Heart disease drugs may fight prostate cancer

May 2022

A team of international researchers have found that heart disease and diabetes drugs may improve prostate cancer survival rates.

MEN who take tablets for heart disease and type 2 diabetes may be more likely to survive prostate cancer if they get it, a new study shows. 

Statins, which help to reduce high cholesterol (a major heart attack risk) and metformin, a drug used to lower blood sugar levels in adults with type 2 diabetes, both appeared to improve survival rates and reduce the chances of tumours re-growing once they have been treated. 

The findings, by an international team of scientists from leading cancer institutions in the UK, Australia, US, Switzerland and Spain, are important because a huge proportion of men over 50 – the age from which the risk of prostate cancer rises – are also on the cholesterol and diabetes drugs. 

In the UK, for example, an estimated 8 million people are prescribed statins, at least half of them men. In the US, 35 million men and women take them. 

Meanwhile, metformin is one of the main weapons against type 2 diabetes and the NHS issues more than 20 million prescriptions a year for the drug. 

Some previous studies have already hinted that the drugs may be useful in preventing prostate cancer. 

One, for example, published in European Urology in 2014, found men on metformin tablets were 16 per cent less likely to develop a tumour. 

But other studies have questioned their effectiveness. 

Indeed, a 2007 study suggested men on statins had a slightly higher chance of prostate cancer over the following 15 years than men who took a placebo (a dummy drug that looks the same). 

For the new research the experts, which included those from the Institute of Cancer Research in the UK, Duke University in the US and the Institute of Oncology in Switzerland, tracked thousands of men taking part in drug trials for abiraterone acetate, a hormonal drug used to treat prostate cancer that has spread to other parts of the body.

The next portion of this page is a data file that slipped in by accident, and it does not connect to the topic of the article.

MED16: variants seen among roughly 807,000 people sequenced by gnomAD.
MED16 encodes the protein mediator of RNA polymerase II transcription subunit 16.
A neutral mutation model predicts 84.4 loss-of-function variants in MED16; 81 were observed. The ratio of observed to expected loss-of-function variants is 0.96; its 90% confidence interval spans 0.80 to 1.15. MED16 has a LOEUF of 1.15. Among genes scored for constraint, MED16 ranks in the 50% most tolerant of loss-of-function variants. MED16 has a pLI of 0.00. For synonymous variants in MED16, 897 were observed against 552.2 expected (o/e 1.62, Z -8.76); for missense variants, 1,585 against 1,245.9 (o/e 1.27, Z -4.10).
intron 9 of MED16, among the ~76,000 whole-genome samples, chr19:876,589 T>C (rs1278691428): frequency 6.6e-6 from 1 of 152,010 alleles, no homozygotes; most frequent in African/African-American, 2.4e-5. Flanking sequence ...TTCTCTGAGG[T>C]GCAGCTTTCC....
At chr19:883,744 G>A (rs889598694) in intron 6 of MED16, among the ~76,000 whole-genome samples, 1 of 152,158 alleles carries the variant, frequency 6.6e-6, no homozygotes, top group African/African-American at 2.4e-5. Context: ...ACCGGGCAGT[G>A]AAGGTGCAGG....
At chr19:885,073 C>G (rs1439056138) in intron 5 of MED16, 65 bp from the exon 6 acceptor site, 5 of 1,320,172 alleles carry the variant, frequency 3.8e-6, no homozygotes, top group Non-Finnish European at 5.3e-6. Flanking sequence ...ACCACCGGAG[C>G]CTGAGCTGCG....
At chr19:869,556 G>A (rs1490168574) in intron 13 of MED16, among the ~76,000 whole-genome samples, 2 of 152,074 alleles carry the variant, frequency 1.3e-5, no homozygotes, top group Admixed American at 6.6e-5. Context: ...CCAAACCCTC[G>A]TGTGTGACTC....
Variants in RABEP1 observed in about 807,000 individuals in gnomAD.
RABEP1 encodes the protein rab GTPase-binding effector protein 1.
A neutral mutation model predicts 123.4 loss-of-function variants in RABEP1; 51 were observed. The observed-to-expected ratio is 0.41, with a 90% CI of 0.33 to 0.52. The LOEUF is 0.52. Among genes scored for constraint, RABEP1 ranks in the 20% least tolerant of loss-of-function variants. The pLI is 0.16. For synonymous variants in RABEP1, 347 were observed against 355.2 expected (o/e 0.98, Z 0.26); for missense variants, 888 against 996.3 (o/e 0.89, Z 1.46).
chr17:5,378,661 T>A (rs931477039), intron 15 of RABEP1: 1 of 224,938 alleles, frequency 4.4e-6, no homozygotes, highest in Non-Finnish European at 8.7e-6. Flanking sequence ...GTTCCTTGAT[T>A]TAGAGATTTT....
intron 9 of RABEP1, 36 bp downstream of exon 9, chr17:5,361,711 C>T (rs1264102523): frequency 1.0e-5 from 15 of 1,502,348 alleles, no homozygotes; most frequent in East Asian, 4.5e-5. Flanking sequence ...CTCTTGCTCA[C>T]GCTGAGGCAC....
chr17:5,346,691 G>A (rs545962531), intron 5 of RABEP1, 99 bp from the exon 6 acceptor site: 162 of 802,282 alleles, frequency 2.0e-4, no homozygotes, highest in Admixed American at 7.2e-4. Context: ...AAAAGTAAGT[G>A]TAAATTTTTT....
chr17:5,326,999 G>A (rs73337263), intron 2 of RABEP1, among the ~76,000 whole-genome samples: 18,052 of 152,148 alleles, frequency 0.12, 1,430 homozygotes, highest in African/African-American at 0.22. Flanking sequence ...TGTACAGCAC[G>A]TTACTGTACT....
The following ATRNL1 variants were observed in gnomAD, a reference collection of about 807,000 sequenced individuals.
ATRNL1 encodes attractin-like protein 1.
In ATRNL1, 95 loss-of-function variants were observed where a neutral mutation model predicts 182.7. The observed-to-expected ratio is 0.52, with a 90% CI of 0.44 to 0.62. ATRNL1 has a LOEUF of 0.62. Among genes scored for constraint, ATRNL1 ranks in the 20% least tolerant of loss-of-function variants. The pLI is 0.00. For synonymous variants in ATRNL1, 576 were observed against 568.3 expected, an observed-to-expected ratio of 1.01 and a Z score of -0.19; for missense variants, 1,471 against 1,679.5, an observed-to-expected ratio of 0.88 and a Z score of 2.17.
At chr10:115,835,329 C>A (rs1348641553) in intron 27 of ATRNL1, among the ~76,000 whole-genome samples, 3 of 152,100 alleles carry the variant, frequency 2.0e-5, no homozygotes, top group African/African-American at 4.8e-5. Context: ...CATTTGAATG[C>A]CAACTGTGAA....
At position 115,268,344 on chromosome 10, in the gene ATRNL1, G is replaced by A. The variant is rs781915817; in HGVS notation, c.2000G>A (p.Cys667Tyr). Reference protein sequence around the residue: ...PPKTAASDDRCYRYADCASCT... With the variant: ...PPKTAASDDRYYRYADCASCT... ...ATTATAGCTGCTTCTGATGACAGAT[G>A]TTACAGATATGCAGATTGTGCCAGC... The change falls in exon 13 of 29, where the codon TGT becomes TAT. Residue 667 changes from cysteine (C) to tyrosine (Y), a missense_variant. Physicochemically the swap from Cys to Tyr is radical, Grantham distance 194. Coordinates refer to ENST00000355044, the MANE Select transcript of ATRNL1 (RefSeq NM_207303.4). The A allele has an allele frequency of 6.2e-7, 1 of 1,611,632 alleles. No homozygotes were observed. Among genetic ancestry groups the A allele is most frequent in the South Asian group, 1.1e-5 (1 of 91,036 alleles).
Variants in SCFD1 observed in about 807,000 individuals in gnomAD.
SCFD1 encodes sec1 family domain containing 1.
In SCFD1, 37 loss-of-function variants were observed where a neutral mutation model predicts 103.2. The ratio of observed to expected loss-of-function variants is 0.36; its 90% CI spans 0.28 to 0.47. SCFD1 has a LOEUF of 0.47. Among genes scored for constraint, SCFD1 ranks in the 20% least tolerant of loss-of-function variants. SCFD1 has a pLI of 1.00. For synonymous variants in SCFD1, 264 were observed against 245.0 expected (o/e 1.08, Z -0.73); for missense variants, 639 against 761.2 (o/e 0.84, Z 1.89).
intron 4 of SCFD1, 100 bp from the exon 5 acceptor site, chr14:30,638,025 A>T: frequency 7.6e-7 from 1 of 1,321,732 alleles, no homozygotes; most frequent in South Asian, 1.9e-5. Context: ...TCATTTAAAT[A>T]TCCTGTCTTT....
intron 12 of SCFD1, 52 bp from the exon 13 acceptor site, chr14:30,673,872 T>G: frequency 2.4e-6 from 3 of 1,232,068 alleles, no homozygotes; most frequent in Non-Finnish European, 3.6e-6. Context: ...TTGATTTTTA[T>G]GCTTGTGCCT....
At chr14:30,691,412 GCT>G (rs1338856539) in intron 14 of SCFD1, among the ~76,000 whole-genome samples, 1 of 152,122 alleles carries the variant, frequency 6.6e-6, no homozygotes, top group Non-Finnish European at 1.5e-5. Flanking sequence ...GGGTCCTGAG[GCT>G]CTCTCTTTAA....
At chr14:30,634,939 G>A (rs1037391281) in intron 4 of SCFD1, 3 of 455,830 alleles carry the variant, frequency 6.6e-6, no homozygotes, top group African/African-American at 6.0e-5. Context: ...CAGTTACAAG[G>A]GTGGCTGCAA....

Researchers looked to see which of the men were also on metformin, statins or a combination of the two, and then compared recurrence rates – when the cancer returns after initial successful treatment – and overall survival for several years afterwards.

The results, published in the latest European Journal of Cancer, showed men on metformin were roughly half as likely to see their cancer return as those not on the diabetes pill. 

Meanwhile, those on statins were roughly 20 per cent less likely to die prematurely from prostate cancer than others not on the lipid-lowering tablets. 

It’s not exactly clear how the two types of drugs combat prostate cancer. 

But statins have an anti-inflammatory effect – and inflammation is one of the hallmarks of cancer. 

Metformin, it’s thought, may help by blocking certain proteins that play a key role in the proliferation of prostate cancer cells. 

Scientists stressed the drugs appeared to be most effective when they were combined with abiraterone acetate – suggesting giving them all together is the most powerful remedy. 

In a report on the findings researchers said: ‘Metformin and statins are associated with a prolonged overall survival.’ 

A separate UK study on the use of metformin as an early treatment for prostate cancer – before men undergo surgery to remove the prostate – is due for completionn shortly. 

Half the men are getting the diabetes medicines and the rest a placebo. 

If the results are positive, it’s possible metformin could be used as a treatment in early-stage prostate cancer, or even as a preventive in men who are overweight and have high blood sugar – who are at higher risk of developing a tumour.

Source https://www.ejcancer.com/article/S0959-8049(22)00205-2/fulltext copy